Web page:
In a complaint filed late Friday in U.S. District Court in Manhattan, Gabor Presser said one-third of “New Slaves,” which appeared on the No. 1 album “Yeezus,” is an unauthorized copy of “Gyongyhaju Lany,” a 1969 song he wrote when he was in the band Omega.
Presser described his song, which roughly translates in English as “Pearls in Her Hair,” as “one of the most beloved pop songs ever in Hungary and across Eastern Europe.” He is seeking at least $2.5 million in damages for copyright infringement.
Lawyers for West and co-defendant Sony/ATV Music Publishing LLC, a joint venture between Sony Corp and the estate of pop star Michael Jackson, did not immediately respond on Monday to requests for comment.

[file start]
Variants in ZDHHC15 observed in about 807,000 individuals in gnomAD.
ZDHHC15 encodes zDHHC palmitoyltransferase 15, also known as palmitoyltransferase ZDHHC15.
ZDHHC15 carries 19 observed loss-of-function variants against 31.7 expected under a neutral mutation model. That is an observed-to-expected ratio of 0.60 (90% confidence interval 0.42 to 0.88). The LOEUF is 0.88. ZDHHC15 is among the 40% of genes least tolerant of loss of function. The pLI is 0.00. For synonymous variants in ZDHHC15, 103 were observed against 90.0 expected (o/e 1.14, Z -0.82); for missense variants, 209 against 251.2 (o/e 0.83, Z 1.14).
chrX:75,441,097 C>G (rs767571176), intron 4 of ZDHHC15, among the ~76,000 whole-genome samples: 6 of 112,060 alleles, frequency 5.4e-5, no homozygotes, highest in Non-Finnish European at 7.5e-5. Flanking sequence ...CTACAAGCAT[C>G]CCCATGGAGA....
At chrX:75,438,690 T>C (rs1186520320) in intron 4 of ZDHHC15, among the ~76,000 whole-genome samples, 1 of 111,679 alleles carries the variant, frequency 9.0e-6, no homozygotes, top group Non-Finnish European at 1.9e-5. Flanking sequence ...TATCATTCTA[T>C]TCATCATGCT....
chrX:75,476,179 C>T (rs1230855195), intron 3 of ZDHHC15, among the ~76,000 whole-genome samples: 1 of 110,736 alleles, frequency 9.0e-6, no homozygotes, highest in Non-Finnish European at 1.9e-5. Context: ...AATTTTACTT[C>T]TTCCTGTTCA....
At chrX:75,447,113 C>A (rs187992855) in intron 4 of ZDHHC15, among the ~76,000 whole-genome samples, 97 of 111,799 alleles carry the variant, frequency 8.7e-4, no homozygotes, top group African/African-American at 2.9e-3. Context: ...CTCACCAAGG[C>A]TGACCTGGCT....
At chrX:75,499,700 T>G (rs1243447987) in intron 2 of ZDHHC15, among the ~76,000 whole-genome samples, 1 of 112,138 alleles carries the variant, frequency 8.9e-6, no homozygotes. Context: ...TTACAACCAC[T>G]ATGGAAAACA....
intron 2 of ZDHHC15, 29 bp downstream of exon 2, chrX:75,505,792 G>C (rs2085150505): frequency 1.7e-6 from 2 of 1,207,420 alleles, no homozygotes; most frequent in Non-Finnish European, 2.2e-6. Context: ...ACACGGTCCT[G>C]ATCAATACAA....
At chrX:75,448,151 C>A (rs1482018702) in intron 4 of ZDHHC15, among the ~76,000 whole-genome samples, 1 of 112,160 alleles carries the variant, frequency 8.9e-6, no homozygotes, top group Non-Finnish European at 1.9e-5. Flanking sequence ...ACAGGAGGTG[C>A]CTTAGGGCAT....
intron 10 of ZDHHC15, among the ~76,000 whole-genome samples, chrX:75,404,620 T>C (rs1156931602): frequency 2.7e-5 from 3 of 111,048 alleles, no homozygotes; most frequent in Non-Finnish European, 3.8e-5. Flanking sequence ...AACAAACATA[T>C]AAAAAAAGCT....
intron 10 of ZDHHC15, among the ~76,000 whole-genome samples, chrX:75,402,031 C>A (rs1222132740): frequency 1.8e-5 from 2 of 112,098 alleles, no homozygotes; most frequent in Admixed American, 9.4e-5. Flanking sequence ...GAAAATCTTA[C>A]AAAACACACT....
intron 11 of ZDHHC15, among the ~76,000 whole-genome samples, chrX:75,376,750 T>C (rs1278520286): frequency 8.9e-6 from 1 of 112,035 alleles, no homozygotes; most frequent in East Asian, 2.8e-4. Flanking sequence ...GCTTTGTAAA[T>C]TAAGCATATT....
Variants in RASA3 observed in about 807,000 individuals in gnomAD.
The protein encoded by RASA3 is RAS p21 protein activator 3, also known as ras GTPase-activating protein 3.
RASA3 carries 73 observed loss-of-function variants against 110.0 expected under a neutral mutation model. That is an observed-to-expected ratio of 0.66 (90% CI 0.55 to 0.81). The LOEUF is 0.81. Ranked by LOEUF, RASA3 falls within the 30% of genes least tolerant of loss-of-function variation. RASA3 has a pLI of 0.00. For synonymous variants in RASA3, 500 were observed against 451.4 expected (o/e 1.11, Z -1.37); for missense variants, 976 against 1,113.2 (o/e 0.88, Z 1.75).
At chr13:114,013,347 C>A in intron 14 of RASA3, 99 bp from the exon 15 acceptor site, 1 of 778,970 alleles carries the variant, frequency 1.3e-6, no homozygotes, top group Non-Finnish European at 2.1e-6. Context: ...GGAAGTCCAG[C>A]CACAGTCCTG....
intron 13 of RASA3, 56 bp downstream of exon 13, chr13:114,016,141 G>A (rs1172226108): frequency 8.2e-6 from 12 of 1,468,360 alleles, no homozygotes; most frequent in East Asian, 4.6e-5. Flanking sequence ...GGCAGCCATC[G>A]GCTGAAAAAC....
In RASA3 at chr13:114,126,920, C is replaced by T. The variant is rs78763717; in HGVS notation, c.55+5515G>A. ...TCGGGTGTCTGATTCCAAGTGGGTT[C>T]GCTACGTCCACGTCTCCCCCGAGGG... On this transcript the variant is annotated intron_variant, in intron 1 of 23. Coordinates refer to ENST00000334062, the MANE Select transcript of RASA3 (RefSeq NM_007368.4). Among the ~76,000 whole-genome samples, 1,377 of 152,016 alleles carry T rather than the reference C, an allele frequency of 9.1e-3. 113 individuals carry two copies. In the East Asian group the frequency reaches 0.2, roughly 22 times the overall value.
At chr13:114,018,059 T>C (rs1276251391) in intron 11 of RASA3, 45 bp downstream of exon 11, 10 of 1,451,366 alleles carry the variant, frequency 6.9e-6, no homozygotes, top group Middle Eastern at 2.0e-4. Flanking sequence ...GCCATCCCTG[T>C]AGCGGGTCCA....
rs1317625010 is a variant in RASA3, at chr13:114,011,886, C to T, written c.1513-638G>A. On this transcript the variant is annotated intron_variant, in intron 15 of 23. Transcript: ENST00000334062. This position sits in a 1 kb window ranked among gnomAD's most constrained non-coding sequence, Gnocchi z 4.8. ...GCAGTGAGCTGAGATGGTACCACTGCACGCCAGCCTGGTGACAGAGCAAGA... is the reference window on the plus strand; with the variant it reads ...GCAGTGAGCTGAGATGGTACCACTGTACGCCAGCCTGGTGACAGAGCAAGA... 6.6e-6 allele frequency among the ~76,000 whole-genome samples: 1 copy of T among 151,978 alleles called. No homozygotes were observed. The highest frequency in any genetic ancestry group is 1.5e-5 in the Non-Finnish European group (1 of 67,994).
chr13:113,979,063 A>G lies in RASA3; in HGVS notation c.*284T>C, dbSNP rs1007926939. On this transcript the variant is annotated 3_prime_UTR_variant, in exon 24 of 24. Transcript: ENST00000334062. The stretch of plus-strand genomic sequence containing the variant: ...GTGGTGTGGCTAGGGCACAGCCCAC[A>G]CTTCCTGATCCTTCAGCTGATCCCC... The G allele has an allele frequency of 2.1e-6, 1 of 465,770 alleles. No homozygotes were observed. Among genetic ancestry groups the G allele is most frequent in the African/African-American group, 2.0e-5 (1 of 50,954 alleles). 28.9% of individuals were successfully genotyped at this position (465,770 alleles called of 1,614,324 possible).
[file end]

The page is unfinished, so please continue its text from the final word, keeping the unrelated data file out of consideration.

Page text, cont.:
Presser said he had no inkling his song was being used until West’s lawyer emailed him soon after marketing began, indicating that West “would like to work out a deal with you as soon as possible” and giving him 24 hours to respond.
West’s lawyers later sent Presser a $10,000 check and insisted that he grant a license. But Presser never cashed the check, the complaint said.
“Kanye West knowingly and intentionally misappropriated plaintiff’s composition,” the complaint said. “After his theft was discovered, defendants refused to deal fairly with plaintiff.”
It is common for well-known singers to be accused of stealing song ideas from the original composers. For example, in another prominent case, Led Zeppelin lead singer Robert Plant and guitarist Jimmy Page face a June 14 trial in Los Angeles over whether they stole opening chords for their 1971 classic “Stairway to Heaven” from a 1967 instrumental.
The case is Presser v West et al, U.S. District Court, Southern District of New York, No. 16-03798.